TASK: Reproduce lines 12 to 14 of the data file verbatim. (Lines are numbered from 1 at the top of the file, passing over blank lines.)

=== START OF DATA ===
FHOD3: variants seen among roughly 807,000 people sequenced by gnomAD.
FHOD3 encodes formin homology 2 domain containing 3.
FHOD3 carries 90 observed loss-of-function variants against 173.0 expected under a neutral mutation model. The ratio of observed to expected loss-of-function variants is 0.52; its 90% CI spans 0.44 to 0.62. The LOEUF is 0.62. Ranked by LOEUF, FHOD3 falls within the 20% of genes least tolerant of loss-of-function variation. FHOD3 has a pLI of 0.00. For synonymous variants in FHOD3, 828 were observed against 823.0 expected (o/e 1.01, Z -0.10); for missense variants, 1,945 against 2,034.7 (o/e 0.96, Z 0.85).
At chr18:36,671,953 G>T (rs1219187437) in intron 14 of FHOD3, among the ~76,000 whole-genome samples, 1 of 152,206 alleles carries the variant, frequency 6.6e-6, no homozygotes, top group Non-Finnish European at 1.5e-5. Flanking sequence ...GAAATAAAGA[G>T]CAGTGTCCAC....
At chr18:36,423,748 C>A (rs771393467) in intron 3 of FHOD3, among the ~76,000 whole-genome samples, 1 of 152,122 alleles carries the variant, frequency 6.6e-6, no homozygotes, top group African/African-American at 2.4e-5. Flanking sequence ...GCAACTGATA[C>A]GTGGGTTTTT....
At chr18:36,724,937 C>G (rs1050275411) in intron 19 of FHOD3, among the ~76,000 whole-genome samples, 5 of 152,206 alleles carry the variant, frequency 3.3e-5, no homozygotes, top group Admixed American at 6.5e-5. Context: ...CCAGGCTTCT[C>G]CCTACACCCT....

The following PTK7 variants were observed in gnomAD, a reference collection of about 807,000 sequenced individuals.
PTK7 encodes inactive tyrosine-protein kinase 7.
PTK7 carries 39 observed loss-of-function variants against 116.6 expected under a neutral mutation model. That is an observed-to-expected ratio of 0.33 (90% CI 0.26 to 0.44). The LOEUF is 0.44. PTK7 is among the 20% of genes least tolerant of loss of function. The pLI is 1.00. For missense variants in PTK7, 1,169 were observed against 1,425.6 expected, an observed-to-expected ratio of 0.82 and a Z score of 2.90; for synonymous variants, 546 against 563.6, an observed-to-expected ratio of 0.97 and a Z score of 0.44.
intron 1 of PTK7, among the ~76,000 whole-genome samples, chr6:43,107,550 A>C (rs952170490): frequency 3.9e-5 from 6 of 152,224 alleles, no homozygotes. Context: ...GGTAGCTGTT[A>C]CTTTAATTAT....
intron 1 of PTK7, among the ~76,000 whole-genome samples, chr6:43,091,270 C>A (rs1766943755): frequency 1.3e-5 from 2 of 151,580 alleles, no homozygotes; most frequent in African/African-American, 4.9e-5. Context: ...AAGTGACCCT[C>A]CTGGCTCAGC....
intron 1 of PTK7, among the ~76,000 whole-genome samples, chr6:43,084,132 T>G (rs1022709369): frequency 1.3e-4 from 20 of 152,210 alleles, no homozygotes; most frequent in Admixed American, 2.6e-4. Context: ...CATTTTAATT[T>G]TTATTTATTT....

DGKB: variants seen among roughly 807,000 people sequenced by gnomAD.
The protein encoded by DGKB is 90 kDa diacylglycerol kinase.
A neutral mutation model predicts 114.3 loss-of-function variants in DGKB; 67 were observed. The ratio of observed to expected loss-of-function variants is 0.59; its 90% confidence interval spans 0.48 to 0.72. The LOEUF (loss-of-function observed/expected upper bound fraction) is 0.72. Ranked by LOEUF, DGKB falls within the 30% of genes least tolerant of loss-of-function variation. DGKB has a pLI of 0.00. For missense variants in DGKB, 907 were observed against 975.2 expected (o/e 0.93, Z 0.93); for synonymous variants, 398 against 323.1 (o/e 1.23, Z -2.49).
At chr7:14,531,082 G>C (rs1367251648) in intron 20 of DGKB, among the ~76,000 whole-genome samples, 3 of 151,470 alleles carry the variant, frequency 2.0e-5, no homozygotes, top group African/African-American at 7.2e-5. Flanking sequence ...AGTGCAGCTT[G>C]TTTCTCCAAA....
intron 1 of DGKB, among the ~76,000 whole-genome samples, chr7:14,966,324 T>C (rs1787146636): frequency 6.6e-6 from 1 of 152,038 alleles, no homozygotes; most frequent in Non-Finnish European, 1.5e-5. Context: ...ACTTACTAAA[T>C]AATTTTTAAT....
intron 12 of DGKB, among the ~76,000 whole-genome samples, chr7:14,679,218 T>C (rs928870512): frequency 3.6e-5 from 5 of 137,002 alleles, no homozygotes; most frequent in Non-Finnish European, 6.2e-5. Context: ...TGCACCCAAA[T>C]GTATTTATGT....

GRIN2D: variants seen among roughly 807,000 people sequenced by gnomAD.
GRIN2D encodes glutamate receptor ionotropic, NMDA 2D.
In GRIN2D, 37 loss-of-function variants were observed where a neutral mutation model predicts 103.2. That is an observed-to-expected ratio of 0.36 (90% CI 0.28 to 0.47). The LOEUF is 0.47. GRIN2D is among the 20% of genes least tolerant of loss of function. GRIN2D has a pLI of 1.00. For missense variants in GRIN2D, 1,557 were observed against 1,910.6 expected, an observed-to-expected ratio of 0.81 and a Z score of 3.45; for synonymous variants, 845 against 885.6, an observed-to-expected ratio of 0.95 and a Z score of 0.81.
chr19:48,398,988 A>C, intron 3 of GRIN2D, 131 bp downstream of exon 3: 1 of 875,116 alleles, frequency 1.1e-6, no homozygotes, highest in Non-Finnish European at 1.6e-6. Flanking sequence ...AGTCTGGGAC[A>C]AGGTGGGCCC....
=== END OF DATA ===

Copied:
intron 1 of PTK7, among the ~76,000 whole-genome samples, chr6:43,084,132 T>G (rs1022709369): frequency 1.3e-4 from 20 of 152,210 alleles, no homozygotes; most frequent in Admixed American, 2.6e-4. Context: ...CATTTTAATT[T>G]TTATTTATTT....

DGKB: variants seen among roughly 807,000 people sequenced by gnomAD.
The protein encoded by DGKB is 90 kDa diacylglycerol kinase.